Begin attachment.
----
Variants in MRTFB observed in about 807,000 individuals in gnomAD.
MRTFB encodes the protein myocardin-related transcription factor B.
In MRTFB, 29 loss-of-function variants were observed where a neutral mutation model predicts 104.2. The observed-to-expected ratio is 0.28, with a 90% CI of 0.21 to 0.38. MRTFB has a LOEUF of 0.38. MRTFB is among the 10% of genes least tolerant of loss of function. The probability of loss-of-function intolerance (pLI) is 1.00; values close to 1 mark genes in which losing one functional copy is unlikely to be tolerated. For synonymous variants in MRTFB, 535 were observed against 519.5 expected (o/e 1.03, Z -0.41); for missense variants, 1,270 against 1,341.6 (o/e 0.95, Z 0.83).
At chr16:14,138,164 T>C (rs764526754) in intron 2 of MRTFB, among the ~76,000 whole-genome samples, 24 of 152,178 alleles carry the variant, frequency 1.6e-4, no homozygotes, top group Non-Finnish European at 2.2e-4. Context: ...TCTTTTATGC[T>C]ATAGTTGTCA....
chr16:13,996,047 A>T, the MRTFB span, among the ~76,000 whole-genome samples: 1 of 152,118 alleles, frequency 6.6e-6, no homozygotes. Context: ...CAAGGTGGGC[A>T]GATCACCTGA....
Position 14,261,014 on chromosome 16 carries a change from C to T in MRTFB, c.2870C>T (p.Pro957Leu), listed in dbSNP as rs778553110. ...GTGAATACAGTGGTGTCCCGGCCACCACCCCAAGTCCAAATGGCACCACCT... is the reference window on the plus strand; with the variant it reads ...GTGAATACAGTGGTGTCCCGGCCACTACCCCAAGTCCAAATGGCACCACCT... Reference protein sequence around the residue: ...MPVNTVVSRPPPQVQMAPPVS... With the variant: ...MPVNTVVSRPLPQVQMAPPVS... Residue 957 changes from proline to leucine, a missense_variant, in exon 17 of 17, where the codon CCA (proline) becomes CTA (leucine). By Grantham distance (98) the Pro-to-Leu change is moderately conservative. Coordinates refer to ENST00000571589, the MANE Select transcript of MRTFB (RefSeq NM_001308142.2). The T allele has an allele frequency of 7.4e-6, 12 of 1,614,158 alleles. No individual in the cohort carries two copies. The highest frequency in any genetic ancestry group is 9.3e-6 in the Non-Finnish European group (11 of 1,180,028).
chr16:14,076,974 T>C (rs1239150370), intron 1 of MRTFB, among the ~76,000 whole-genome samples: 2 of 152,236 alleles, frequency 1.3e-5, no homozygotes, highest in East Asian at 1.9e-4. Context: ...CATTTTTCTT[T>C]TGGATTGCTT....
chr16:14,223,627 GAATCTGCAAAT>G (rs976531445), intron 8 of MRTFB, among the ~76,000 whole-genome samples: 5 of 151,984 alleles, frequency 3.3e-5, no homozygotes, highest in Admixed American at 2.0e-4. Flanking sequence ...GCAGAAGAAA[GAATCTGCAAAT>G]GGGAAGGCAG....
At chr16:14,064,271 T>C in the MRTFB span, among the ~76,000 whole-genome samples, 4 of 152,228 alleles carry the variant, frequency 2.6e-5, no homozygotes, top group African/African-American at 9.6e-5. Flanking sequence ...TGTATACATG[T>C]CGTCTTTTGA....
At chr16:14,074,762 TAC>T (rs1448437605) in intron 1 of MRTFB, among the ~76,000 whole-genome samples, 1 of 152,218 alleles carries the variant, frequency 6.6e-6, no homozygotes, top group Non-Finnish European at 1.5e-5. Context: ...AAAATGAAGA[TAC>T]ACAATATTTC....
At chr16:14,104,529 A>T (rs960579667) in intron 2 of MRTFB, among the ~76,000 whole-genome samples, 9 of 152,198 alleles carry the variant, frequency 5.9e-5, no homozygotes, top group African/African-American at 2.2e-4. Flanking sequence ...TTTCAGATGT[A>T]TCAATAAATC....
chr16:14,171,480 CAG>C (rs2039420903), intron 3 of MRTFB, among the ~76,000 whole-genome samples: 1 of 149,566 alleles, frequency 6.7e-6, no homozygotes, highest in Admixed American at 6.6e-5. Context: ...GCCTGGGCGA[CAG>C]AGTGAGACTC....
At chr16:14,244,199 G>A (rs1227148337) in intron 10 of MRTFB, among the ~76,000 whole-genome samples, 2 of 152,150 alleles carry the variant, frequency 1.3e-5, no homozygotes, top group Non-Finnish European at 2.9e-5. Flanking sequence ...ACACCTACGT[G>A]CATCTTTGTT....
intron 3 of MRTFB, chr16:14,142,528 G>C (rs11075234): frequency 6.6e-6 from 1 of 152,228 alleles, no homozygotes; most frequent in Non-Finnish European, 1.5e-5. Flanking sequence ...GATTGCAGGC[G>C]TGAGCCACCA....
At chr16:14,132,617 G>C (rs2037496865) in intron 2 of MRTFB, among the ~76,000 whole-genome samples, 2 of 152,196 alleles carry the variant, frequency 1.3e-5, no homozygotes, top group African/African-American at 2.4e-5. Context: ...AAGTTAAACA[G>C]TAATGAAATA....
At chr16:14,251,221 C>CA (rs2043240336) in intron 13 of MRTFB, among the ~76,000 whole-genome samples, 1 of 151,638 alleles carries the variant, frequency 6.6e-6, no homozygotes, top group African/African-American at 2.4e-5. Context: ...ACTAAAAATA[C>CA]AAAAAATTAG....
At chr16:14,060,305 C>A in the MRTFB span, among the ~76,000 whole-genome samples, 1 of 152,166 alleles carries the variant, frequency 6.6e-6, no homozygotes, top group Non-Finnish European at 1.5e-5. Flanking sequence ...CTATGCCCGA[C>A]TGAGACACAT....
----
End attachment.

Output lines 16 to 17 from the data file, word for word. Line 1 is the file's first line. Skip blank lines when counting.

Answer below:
At chr16:14,251,221 C>CA (rs2043240336) in intron 13 of MRTFB, among the ~76,000 whole-genome samples, 1 of 151,638 alleles carries the variant, frequency 6.6e-6, no homozygotes, top group African/African-American at 2.4e-5. Context: ...ACTAAAAATA[C>CA]AAAAAATTAG....
At chr16:14,060,305 C>A in the MRTFB span, among the ~76,000 whole-genome samples, 1 of 152,166 alleles carries the variant, frequency 6.6e-6, no homozygotes, top group Non-Finnish European at 1.5e-5. Flanking sequence ...CTATGCCCGA[C>A]TGAGACACAT....